Hidden mythology: Polesden’s garden sculpture

Garden sculpture and statuary are often so much a part of historic houses’ gardens that we often forget to take a closer look.  Aside from being another beautiful adornment to ornamental gardens, garden sculpture often has its own hidden messages.

Here at Polesden, our garden sculptures vary from quirky griffins, to towering columns, cute little lions and mysterious urns carved with hidden mythological stories…

On the south lawn – which slopes down to the most beautiful view in Surrey – are four of these mysterious sculpted urns.

South Lawn, Polesden Lacey

South Lawn, Polesden Lacey

You may have just strolled past these four urns, noting their size but not much else.  Next time you relax on a deckchair on our south lawn, take a closer look at them, and you’ll see a variety of fascinating, hidden mythological and biblical stories.

So, what is an urn exactly?  An urn is a large sculpted vase which traditionally contains the cremated ashes of someone.  Our urns at Polesden don’t function in this way, they are more decorative, but an urn still inherently represents the cycle of life.

One urn depicts the mythological story of Apollo and Daphne, one shows the Rape of the Sabines, another depicts the Labours of the Seasons, and the fourth remains a mystery.  (The fourth urn has carvings of a man with a fork of lightning and a cockerel; three men hauling in a net; a man drinking, and a man on a boat.  This may be a story from the Bible or from Babylonian mythology, but do leave a comment if you recognise these motifs!!)

All this gets you thinking.  Why put these particular stories on an object (an urn) that represents the cycle of life?  To answer this, I think we need to remind ourselves a little about the stories themselves:

Apollo and Daphne is about Apollo’s love for, and pursuit of Daphne, and in return, about her hatred of him which drives her to beg to be turned into a tree, in order to escape his advances.

Apollo and Daphne, South Lawn Urn (see Daphne's arms turning into branches)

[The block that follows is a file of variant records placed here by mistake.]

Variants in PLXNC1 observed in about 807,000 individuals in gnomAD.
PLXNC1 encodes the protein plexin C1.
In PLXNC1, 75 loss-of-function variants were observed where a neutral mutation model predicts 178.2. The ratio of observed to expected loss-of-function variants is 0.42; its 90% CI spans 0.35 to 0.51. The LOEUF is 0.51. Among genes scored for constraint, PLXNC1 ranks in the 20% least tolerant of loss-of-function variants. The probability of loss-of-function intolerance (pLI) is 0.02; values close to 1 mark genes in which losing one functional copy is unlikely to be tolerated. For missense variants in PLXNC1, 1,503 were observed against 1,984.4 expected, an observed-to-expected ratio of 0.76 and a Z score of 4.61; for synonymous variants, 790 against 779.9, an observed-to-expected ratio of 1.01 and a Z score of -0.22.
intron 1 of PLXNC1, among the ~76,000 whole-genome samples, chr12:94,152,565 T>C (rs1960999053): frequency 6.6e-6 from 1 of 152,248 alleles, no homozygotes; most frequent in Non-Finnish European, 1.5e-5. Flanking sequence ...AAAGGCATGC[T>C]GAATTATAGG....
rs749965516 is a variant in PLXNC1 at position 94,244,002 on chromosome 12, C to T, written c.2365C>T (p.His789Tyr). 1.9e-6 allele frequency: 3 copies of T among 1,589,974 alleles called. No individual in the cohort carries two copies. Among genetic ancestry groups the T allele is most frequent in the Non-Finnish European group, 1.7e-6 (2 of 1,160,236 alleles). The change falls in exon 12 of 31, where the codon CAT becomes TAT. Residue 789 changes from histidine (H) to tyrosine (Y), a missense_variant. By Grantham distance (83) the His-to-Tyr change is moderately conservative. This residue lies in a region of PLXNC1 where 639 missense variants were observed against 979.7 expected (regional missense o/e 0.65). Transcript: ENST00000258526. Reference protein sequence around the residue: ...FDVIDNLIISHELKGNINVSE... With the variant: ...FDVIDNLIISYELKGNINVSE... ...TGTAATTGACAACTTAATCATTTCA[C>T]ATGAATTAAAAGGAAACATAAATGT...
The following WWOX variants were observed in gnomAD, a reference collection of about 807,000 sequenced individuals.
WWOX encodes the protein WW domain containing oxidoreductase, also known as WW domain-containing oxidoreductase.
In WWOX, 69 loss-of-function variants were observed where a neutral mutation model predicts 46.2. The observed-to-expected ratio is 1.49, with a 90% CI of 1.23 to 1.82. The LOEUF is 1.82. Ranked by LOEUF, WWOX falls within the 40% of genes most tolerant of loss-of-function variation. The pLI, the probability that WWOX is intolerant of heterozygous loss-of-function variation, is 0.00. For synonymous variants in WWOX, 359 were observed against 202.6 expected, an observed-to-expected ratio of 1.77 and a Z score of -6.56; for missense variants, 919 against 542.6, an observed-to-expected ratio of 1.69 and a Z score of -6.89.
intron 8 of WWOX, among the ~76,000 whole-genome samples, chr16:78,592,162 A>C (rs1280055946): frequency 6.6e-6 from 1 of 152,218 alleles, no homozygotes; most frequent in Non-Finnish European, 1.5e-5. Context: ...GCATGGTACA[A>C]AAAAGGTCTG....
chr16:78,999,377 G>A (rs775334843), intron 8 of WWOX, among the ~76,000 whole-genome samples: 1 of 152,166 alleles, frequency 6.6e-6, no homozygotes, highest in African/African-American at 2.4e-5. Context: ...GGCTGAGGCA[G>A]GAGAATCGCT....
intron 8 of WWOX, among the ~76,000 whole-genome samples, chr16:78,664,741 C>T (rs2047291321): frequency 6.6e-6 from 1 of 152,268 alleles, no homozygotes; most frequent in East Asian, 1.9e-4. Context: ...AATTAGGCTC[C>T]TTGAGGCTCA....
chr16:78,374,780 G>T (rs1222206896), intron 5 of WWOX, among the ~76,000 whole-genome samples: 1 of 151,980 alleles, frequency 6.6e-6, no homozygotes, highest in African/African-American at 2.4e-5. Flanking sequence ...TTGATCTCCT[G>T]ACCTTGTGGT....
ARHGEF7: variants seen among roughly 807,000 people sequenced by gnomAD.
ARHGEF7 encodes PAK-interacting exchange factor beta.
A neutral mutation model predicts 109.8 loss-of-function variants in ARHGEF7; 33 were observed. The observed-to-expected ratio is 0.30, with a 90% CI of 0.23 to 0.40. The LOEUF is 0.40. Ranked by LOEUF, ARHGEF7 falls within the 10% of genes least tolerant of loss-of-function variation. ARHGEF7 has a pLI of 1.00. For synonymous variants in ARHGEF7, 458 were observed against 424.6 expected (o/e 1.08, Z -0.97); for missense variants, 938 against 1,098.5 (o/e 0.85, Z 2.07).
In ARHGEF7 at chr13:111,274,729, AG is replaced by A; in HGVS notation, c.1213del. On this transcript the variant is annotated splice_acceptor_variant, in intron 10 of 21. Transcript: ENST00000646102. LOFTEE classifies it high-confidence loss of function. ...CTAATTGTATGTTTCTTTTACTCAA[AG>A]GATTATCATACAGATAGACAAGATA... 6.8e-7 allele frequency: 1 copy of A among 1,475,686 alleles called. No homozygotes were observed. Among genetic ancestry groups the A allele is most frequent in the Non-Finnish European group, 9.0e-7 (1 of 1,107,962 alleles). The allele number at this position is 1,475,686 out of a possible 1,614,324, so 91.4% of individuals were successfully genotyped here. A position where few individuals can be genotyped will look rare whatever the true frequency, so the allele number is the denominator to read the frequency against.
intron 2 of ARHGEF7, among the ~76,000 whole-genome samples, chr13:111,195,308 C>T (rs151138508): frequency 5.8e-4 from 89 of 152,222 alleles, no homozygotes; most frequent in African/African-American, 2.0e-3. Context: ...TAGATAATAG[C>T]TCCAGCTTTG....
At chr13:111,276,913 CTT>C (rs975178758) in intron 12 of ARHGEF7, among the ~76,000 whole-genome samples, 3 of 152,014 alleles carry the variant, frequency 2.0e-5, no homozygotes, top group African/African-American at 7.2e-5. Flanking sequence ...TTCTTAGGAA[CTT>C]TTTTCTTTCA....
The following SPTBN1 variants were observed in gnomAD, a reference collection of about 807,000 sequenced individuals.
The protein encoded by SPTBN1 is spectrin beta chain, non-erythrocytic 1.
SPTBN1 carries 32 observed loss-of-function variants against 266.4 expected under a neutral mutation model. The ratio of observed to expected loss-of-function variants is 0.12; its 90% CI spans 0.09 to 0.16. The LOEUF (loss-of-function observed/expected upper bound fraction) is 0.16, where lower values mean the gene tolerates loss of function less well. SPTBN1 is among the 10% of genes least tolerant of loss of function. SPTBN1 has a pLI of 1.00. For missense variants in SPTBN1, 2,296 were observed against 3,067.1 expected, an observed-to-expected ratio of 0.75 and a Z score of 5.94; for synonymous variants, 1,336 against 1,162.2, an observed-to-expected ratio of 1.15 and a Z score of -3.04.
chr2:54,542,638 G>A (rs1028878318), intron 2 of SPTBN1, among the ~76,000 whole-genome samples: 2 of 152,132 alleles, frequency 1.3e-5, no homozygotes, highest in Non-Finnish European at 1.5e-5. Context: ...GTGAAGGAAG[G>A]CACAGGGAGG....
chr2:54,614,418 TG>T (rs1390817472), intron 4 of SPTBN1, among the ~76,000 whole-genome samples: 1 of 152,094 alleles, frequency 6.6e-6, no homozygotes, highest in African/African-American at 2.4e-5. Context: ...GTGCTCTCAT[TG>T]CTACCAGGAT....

Apollo and Daphne, South Lawn Urn (see Daphne’s arms turning into branches)

Okay, on to story number 2: the Rape of the Sabines is a tale of the very first Romans abducting the nearby Sabine women to have as wives, so they could ensure the continuation of the Roman race.

Rape of Sabines urn, South Lawn (see the two Roman soldiers grasping the Sabine woman)

Rape of Sabines urn, South Lawn (see the two Roman soldiers grasping the Sabine woman)

Story number 3: the Labours of the Seasons, is an age-old motif connoting the cyclical nature of time and humans’ place within it.

Labours of the Seasons

Labours of the Seasons urn, South Lawn (see the gathering of food and firewood which are typically seasonal activities)

Got all that?  So all three of these stories are centred on the cycle of life, whether that be Daphne ending one life as a nymph and beginning another as a tree; or the Romans’ ensuring their own dynasty after death, or the continual cycle of the Labours of the Seasons.

So now it might be a little clearer why these stories were chosen to decorate urns.  All these stories are depicted in a circle, around the circular shape of the urn.   An urn is a marker of the end of a life, but these stories remind all, that life is cyclical and with every end, comes a new beginning.

So, make sure you take a look at these urns before the autumn covers come on in late October, it just goes to show, there’s always more to see at Polesden…


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